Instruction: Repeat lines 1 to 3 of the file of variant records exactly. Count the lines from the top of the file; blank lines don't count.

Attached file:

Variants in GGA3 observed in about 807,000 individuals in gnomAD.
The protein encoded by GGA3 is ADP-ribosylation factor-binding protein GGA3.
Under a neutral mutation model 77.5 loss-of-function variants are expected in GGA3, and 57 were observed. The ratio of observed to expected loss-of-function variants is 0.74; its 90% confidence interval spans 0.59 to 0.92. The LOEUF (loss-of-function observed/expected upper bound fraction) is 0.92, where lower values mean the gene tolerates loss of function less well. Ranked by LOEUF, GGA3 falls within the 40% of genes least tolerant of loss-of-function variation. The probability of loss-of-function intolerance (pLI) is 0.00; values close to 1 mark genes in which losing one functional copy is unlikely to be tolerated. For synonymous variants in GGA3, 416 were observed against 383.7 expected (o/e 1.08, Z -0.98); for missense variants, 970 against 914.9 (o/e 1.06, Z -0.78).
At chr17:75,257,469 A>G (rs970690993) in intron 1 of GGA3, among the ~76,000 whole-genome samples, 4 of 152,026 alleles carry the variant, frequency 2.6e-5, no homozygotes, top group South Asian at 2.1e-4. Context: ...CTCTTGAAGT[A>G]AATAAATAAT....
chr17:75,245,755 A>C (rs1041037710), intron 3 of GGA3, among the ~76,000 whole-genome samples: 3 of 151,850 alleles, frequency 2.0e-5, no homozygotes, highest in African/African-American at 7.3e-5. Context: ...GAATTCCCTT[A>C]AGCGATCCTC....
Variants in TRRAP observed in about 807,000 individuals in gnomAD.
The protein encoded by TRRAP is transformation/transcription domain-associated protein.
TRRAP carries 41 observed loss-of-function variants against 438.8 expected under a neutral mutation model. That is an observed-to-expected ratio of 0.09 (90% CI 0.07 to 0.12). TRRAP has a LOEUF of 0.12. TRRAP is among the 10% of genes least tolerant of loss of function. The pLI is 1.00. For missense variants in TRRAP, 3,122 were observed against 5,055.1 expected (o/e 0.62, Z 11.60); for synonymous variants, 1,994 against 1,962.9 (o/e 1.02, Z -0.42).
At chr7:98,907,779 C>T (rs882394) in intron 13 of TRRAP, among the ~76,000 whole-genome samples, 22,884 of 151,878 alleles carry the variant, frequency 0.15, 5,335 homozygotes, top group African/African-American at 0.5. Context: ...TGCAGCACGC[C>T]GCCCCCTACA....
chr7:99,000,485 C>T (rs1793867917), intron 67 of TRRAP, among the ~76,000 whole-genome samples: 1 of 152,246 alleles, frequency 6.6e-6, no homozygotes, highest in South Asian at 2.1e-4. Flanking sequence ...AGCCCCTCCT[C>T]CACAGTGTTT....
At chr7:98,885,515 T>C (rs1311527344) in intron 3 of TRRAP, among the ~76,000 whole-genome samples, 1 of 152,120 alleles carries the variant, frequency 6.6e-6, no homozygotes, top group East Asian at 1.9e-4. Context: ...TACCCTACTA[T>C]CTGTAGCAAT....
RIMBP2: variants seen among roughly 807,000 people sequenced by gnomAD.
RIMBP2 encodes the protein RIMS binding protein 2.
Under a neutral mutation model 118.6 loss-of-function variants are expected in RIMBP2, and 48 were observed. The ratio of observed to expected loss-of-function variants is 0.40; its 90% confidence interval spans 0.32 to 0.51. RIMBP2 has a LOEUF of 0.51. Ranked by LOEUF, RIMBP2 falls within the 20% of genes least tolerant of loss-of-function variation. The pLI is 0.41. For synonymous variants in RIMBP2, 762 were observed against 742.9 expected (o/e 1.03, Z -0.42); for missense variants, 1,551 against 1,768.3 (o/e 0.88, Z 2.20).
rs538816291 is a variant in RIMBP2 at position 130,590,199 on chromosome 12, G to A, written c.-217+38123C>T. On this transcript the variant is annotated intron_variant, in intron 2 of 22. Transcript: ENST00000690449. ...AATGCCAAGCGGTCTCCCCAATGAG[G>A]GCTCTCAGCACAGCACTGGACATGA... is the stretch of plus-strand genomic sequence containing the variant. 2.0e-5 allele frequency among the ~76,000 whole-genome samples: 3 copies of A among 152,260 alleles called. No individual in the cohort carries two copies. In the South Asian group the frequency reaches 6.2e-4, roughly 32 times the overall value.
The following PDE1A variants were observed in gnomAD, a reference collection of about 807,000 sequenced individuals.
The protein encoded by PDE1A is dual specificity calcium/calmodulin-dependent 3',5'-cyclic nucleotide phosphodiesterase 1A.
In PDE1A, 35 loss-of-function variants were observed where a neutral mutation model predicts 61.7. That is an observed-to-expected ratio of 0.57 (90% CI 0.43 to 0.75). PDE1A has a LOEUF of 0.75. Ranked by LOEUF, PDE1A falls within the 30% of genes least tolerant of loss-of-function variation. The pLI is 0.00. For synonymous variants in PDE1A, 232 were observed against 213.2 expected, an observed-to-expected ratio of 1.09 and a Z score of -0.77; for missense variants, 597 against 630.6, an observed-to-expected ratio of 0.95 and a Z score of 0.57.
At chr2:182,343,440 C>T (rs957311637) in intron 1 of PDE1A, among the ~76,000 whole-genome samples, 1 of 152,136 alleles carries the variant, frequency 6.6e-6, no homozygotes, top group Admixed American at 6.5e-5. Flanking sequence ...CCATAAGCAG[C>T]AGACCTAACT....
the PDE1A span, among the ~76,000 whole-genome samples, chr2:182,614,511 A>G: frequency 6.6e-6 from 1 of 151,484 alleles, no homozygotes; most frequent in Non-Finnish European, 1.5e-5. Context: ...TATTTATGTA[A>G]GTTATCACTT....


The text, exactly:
Variants in GGA3 observed in about 807,000 individuals in gnomAD.
The protein encoded by GGA3 is ADP-ribosylation factor-binding protein GGA3.
Under a neutral mutation model 77.5 loss-of-function variants are expected in GGA3, and 57 were observed. The ratio of observed to expected loss-of-function variants is 0.74; its 90% confidence interval spans 0.59 to 0.92. The LOEUF (loss-of-function observed/expected upper bound fraction) is 0.92, where lower values mean the gene tolerates loss of function less well. Ranked by LOEUF, GGA3 falls within the 40% of genes least tolerant of loss-of-function variation. The probability of loss-of-function intolerance (pLI) is 0.00; values close to 1 mark genes in which losing one functional copy is unlikely to be tolerated. For synonymous variants in GGA3, 416 were observed against 383.7 expected (o/e 1.08, Z -0.98); for missense variants, 970 against 914.9 (o/e 1.06, Z -0.78).